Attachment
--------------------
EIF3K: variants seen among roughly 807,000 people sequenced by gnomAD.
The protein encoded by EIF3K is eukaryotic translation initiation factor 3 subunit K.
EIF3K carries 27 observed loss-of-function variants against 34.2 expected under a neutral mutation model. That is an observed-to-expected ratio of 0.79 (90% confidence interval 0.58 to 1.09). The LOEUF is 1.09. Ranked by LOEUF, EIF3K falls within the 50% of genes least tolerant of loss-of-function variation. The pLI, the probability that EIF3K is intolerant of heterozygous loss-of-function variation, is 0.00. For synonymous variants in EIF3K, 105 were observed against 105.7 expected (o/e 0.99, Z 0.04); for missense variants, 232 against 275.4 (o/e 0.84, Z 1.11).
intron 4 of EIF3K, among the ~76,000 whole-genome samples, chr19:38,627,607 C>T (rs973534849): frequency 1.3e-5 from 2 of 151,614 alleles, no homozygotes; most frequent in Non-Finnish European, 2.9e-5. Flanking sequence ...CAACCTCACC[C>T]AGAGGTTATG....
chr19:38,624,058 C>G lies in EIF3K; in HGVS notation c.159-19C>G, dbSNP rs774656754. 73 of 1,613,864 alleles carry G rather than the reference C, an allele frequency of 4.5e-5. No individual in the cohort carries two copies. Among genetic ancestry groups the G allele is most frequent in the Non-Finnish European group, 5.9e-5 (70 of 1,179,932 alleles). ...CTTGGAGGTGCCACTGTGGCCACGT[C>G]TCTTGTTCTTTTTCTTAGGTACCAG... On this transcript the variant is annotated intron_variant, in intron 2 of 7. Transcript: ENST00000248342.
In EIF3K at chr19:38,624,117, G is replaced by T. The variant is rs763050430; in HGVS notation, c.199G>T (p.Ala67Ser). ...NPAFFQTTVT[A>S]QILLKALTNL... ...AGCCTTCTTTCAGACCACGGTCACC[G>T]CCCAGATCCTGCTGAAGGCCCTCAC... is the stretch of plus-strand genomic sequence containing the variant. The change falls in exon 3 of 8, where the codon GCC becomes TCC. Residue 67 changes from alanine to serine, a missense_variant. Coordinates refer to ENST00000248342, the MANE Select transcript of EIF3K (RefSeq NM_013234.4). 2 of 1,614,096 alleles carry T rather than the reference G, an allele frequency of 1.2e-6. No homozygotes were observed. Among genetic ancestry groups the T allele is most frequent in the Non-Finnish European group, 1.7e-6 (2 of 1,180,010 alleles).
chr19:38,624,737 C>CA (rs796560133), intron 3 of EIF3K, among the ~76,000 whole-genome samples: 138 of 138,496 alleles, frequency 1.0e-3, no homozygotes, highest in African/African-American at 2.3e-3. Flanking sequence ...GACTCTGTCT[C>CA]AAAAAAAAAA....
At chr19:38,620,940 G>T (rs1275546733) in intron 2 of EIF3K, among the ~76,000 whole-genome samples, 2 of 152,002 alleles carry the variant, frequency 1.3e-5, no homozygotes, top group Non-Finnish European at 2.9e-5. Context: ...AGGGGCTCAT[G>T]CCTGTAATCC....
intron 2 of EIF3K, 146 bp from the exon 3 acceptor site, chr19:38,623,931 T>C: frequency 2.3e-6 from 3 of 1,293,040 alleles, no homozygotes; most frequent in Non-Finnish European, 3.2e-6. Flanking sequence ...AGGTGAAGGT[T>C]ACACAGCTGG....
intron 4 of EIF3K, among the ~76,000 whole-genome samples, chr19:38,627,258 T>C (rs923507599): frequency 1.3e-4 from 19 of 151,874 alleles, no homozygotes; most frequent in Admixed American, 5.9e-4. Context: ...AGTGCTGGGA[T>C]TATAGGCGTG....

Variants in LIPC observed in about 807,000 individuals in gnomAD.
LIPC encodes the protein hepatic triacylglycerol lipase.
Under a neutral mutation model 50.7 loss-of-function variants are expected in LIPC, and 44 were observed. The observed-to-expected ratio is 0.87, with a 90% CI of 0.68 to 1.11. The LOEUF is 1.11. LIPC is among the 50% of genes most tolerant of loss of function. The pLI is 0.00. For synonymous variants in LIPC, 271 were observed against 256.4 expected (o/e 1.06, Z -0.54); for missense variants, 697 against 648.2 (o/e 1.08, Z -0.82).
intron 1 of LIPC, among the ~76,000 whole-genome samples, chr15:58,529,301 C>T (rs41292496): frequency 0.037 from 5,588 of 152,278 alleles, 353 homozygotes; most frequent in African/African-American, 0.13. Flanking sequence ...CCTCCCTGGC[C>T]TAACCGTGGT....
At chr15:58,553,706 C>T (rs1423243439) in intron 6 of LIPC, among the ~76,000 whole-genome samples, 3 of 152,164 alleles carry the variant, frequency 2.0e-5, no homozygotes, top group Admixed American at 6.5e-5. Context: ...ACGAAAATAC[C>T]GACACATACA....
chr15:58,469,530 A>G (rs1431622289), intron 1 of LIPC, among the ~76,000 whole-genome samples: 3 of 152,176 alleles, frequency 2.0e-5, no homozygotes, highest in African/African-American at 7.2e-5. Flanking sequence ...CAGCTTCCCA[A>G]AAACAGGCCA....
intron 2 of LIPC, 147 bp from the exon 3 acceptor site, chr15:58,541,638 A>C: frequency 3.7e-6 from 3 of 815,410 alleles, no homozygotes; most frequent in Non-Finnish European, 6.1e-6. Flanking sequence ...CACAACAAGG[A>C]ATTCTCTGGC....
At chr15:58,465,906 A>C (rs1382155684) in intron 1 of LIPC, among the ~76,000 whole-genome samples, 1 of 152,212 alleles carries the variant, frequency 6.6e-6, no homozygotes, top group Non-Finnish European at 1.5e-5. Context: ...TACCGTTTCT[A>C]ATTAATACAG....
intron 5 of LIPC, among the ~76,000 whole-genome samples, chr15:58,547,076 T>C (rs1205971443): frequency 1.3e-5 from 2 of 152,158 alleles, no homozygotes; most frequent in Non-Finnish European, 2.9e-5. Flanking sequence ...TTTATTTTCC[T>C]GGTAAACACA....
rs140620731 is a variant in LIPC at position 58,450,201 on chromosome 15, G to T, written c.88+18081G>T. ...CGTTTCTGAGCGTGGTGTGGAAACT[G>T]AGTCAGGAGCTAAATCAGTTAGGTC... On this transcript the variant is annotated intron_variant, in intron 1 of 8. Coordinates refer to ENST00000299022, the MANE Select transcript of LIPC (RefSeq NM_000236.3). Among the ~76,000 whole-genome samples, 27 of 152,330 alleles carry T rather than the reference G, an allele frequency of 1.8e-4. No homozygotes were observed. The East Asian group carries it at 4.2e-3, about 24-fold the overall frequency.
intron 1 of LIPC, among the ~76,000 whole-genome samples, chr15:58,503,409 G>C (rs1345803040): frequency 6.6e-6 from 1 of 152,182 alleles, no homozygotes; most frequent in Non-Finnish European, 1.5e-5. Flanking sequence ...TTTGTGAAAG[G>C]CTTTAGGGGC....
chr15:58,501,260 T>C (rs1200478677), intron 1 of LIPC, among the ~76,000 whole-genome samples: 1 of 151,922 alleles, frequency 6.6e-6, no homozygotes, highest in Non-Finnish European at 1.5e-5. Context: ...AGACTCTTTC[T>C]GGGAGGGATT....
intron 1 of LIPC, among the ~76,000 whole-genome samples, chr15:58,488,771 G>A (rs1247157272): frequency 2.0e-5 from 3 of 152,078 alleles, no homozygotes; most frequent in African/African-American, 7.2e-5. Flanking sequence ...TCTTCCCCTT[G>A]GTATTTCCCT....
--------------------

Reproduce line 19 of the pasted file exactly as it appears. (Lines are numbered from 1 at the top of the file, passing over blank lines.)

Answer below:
intron 5 of LIPC, among the ~76,000 whole-genome samples, chr15:58,547,076 T>C (rs1205971443): frequency 1.3e-5 from 2 of 152,158 alleles, no homozygotes; most frequent in Non-Finnish European, 2.9e-5. Flanking sequence ...TTTATTTTCC[T>C]GGTAAACACA....